Thank you all for your prayers!

Kitty Dombroski

St. Mark’s Council President

Call Committee Nominees

These are the nominees for St. Mark’s Call Committee:

Amy Lane

A lifelong Lutheran, Amy and her husband, Kevin, live in Wilmington, Delaware. They have two adult children. Amy and Kevin have been members of St. Mark’s since moving to Delaware from Nashville, Tennessee, in 2001.

Amy’s professional background includes significantAmy Lane human resources and business experience. She was St. Mark’s first Director of Education & Outreach, then worked as the office manager and, eventually, as an HR specialist for the non-profit Delaware Association for the Education of Young Children. She then became a fiscal management analyst for the Delaware Department of Health and Social Services. She now is the administrative specialist and a member of the management team at the University of Delaware’s Center for Disabilities Studies.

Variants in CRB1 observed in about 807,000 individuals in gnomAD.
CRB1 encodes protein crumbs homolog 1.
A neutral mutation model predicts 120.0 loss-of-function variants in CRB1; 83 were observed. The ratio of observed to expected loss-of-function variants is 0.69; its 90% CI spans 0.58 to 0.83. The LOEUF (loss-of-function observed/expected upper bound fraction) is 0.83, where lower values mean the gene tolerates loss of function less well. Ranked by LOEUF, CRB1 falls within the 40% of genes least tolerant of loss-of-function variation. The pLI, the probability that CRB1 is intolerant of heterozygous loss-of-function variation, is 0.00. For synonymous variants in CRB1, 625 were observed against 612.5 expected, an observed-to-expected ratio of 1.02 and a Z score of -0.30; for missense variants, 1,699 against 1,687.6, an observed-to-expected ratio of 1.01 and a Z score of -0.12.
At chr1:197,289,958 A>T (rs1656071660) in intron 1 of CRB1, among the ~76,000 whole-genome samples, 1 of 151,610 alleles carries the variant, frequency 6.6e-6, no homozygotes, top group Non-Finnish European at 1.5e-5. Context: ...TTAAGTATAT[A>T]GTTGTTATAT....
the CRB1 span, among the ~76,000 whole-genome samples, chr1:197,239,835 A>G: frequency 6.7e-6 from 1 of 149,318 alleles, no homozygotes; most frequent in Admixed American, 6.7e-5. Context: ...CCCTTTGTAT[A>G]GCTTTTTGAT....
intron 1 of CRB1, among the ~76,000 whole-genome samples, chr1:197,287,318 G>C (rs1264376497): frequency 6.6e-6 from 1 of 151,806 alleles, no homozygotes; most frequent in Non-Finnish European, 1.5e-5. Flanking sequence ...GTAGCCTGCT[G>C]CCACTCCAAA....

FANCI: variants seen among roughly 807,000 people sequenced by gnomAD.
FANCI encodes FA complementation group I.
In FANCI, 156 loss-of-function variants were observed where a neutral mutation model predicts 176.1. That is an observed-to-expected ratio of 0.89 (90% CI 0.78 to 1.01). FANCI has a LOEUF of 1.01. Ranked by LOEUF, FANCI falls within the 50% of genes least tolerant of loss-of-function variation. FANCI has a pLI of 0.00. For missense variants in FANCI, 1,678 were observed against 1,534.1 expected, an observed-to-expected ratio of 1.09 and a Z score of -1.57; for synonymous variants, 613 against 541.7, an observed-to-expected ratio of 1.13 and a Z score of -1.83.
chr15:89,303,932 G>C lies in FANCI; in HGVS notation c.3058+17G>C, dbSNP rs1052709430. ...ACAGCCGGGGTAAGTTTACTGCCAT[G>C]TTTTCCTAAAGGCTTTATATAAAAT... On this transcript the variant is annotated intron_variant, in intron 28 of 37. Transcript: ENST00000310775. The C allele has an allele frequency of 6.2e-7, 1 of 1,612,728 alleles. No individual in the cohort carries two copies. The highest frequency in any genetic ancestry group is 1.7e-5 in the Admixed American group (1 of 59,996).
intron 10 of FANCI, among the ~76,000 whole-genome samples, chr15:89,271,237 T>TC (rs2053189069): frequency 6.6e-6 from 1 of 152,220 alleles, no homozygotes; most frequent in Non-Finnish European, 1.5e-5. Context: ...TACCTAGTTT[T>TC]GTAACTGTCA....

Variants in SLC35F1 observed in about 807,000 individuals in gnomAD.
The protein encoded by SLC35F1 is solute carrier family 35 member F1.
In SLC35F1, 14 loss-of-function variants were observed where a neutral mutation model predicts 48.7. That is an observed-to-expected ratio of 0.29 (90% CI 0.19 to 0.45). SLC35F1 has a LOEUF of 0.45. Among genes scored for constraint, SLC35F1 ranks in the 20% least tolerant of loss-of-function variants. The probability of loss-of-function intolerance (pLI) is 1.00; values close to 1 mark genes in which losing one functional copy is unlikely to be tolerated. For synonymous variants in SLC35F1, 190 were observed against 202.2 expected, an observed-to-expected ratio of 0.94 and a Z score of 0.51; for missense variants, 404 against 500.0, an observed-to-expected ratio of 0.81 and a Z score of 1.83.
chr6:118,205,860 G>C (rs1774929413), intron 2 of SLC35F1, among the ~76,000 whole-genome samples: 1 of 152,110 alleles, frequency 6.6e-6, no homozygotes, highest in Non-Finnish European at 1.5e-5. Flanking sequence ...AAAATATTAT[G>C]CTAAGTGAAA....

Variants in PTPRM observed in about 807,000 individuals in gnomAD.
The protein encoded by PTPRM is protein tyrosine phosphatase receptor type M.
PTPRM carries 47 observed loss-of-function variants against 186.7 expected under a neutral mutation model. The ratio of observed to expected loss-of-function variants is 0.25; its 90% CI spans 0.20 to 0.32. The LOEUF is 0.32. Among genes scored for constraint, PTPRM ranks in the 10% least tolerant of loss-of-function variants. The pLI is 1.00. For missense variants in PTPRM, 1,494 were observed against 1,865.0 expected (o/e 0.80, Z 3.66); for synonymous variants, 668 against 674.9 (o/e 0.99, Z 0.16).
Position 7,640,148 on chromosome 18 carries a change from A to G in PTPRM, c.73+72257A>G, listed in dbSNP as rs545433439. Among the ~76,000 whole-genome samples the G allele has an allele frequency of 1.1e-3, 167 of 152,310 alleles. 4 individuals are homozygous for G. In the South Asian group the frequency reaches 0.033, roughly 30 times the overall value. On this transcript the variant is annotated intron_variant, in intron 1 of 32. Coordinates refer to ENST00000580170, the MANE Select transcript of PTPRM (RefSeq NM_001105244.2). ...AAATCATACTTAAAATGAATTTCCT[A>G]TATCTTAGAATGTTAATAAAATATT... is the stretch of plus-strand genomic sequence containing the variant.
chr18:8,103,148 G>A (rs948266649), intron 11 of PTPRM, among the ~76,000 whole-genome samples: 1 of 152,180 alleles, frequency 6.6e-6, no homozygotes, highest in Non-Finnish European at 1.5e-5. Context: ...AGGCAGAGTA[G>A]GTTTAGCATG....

“I’m honored to be considered for the St. Mark’s Search Committee and I look forward to participating in the process as God guides us to the spiritual leader that will be the best fit for our congregation.”

Cheryl Powell

Cheryl is a relatively new member of St. Mark’s, having arrived in early 2015 by way of Philadelphia. Cheryl Powell She is a physician’s assistant, currently employed at the Philadelphia Veterans Administration Medical Center. She is also a retired Navy yeoman.

An avid reader, she also enjoys sewing, cooking and singing, and is a member of the St. Mark’s choir, along with her brother, David McClure.

She has a grown son, Duncan, who is a graduate engineer, working in civil engineering at a firm in Missouri. His girlfriend, Corrine, is completing her veterinary degree. Cheryl and David reside in Claymont.

Elise Mitchell

Elise has lived in Wilmington since 2001 and became a member of St. Mark’s in 2003. Elise MitchellShe has been married to Tom for 17 years and they have two boys, Graham, 13, and Clayton, 11.

Elise has worked for Enterprise Car Sales for 16 years.

She is a member of St. Mark’s altar guild and enjoys crafting and restoring their home.

Francine Passerini

Francine has been been a member of St. Mark’s for 14 years. During that time, she has served as a Steven Minister and has been part of the Wednesday Bible study group, the craft group, Francine PasseriniCaring Hearts, co-chair of the Lutheran Community Services breakfast and (prior to COVID-19) was a tutor at Presbyterian Church of the Covenant’s after-school program called “Edge.” She has participated in many women’s and charitable activities.